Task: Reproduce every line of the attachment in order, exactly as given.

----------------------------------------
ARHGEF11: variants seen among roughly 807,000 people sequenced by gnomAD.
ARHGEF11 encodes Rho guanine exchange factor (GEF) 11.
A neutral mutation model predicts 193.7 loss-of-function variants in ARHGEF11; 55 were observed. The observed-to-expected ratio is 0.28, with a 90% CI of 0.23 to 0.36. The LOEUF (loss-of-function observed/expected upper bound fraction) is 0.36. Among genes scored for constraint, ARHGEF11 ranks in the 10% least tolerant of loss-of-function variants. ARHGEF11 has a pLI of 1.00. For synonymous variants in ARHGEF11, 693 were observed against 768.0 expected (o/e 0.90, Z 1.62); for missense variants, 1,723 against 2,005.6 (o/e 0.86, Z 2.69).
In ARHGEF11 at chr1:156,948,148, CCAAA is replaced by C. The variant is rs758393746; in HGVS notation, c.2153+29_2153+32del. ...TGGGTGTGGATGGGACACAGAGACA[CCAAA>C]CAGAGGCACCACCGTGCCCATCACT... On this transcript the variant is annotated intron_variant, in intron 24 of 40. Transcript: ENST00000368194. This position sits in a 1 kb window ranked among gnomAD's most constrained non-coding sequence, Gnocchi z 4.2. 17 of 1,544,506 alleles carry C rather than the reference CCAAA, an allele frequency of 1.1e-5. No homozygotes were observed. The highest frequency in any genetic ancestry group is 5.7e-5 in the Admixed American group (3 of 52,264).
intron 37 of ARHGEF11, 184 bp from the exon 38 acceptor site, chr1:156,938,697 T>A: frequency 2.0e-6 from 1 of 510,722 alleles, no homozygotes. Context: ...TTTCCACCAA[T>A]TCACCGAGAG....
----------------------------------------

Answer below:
ARHGEF11: variants seen among roughly 807,000 people sequenced by gnomAD.
ARHGEF11 encodes Rho guanine exchange factor (GEF) 11.
A neutral mutation model predicts 193.7 loss-of-function variants in ARHGEF11; 55 were observed. The observed-to-expected ratio is 0.28, with a 90% CI of 0.23 to 0.36. The LOEUF (loss-of-function observed/expected upper bound fraction) is 0.36. Among genes scored for constraint, ARHGEF11 ranks in the 10% least tolerant of loss-of-function variants. ARHGEF11 has a pLI of 1.00. For synonymous variants in ARHGEF11, 693 were observed against 768.0 expected (o/e 0.90, Z 1.62); for missense variants, 1,723 against 2,005.6 (o/e 0.86, Z 2.69).
In ARHGEF11 at chr1:156,948,148, CCAAA is replaced by C. The variant is rs758393746; in HGVS notation, c.2153+29_2153+32del. ...TGGGTGTGGATGGGACACAGAGACA[CCAAA>C]CAGAGGCACCACCGTGCCCATCACT... On this transcript the variant is annotated intron_variant, in intron 24 of 40. Transcript: ENST00000368194. This position sits in a 1 kb window ranked among gnomAD's most constrained non-coding sequence, Gnocchi z 4.2. 17 of 1,544,506 alleles carry C rather than the reference CCAAA, an allele frequency of 1.1e-5. No homozygotes were observed. The highest frequency in any genetic ancestry group is 5.7e-5 in the Admixed American group (3 of 52,264).
intron 37 of ARHGEF11, 184 bp from the exon 38 acceptor site, chr1:156,938,697 T>A: frequency 2.0e-6 from 1 of 510,722 alleles, no homozygotes. Context: ...TTTCCACCAA[T>A]TCACCGAGAG....